When Laura, a mother of two from Southern California, was 16 years old, she had her first sip of alcohol. On the kitchen counter after Christmas dinner, a left-over bottle of wine sat with just enough inside for a taste. That same year, she took a drag of a cigarette that she found smoldering in an ashtray. Her burning lungs and uncontrollable cough, along with her distaste for the wine, squashed any desire to continue her teen quest for alcohol, cigarettes and rebellion, but the opportunity was there to be introduced to an addiction. “I wanted to like it,” said Laura, I just couldn’t do it more than once.” According to Jim Ramstad, a Center on Addiction and Substance Abuse (CASA) board member who also chaired the National Advisory Commission, “Teen substance use is our nation’s number one public health problem. Smoking, drinking and using other drugs while the brain is still developing dramatically hikes the risk of addiction and other devastating consequences.” Preventing our kids from drinking alcohol and using tobacco and other drugs or at least delaying when they first come in contact with it, may diminish their chances of becoming addicted. If they don’t have easy access, even on Christmas, it will make it harder for them to take that first drink or try that first cigarette. Or worse. Susan Foster, CASA’s Vice President and Director of Policy Research and Analysis states, “We rightfully worry about other teen health problems like obesity, depression or bullying, but we turn a blind eye to a more common and deadly epidemic that we can in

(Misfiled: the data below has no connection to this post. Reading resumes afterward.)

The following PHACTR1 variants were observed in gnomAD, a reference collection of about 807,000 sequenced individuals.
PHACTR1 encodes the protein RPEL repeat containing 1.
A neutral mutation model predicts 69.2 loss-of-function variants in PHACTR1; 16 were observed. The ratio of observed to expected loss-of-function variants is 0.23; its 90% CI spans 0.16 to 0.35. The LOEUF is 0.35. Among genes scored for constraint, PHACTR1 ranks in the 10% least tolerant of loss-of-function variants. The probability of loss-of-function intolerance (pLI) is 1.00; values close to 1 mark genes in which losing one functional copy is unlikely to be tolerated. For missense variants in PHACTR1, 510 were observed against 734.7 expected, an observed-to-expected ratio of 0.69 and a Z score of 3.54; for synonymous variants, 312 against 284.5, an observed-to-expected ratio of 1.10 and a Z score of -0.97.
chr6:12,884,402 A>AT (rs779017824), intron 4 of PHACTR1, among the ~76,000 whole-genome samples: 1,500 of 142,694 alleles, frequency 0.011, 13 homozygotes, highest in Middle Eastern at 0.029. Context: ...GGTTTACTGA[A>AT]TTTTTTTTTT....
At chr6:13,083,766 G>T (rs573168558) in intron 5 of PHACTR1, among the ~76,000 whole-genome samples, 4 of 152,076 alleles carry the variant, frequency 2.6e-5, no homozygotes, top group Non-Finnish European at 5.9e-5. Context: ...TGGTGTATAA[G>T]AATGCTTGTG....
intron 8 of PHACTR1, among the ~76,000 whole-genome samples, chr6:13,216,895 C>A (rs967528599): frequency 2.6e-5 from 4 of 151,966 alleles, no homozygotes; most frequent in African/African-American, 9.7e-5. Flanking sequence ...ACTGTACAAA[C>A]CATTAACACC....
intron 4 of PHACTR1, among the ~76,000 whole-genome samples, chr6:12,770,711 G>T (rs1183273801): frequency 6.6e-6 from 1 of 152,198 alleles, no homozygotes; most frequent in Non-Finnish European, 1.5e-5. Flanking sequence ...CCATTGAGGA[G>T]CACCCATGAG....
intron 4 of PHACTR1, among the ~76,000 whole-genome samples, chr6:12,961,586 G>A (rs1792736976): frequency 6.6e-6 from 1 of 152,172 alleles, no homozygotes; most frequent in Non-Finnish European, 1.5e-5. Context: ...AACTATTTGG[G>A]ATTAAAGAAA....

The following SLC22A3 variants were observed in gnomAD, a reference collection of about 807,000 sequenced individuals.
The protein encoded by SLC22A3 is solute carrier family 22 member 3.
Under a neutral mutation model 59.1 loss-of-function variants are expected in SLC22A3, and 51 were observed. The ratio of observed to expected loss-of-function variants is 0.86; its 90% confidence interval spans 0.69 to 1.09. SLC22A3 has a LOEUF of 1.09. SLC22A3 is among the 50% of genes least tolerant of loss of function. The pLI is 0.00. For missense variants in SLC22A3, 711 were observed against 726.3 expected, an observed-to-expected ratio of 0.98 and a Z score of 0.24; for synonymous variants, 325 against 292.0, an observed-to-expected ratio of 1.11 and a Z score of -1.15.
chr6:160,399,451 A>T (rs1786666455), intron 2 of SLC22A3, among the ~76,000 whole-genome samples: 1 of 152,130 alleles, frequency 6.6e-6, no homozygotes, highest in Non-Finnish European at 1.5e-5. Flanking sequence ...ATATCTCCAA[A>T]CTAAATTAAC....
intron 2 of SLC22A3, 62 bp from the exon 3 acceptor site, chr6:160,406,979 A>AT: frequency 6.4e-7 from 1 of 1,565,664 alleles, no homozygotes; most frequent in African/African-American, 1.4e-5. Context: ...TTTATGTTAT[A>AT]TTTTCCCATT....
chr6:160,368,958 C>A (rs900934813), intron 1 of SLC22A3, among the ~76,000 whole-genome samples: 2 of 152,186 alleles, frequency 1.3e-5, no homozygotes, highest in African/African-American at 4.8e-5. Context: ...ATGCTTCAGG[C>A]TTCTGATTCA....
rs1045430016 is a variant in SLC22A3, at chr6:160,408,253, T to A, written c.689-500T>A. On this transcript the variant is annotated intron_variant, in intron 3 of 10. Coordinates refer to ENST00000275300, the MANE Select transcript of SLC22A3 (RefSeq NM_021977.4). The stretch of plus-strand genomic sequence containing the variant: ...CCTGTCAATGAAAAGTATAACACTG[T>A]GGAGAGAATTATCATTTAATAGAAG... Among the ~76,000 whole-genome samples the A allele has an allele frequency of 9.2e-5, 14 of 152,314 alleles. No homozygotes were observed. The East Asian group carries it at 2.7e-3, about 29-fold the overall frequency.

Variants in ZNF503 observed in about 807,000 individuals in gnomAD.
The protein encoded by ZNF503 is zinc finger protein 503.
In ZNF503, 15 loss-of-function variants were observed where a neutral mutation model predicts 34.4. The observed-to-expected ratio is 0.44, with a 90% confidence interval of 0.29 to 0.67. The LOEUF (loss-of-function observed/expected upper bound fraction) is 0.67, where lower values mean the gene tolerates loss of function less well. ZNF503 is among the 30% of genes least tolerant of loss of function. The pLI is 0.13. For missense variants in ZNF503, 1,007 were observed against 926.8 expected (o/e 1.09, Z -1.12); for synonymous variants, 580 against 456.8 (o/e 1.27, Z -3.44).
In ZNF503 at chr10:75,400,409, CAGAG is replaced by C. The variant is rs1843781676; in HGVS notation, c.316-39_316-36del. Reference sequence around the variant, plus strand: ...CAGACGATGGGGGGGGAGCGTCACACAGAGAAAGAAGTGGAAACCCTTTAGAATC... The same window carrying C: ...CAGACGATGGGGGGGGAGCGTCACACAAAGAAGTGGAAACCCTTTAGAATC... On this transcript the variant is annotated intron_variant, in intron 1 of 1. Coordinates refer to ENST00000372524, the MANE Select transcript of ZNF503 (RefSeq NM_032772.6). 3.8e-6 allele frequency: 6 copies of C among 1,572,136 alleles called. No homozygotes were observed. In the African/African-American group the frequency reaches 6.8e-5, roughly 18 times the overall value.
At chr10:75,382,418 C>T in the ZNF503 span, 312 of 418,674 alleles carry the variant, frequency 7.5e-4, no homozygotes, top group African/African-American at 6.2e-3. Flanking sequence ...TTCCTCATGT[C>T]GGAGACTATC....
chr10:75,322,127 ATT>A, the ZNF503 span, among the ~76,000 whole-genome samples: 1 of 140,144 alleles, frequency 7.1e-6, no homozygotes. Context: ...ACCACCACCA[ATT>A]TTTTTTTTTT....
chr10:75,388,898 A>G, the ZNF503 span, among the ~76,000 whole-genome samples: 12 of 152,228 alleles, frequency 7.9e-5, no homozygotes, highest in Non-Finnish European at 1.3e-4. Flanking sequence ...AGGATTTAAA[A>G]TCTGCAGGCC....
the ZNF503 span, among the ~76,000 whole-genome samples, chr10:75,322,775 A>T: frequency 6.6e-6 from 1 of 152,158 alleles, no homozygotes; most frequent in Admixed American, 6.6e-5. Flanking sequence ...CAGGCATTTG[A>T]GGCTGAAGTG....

The key to prevention lies in knowledge, awareness, education and action. Knowledge of the possible health issues that affect teenagers today. Awareness of what is actually going on in their lives. Education to know how to deal with the problems and swift action so the issues of their youth do not follow them into adulthood.
fact prevent. Foster adds, “The problem is not that we don’t know what to do, it’s that we are failing to act.” As a parent, action starts by locking up all drugs and alcohol. Trust your gut instincts and if you have a hunch something might be going on, take steps to find out. Know who your teen’s friends are and meet their parents. Most importantly, get them professional help when needed.
Perryann, a 17-year-old high school senior from Riverside, California, is a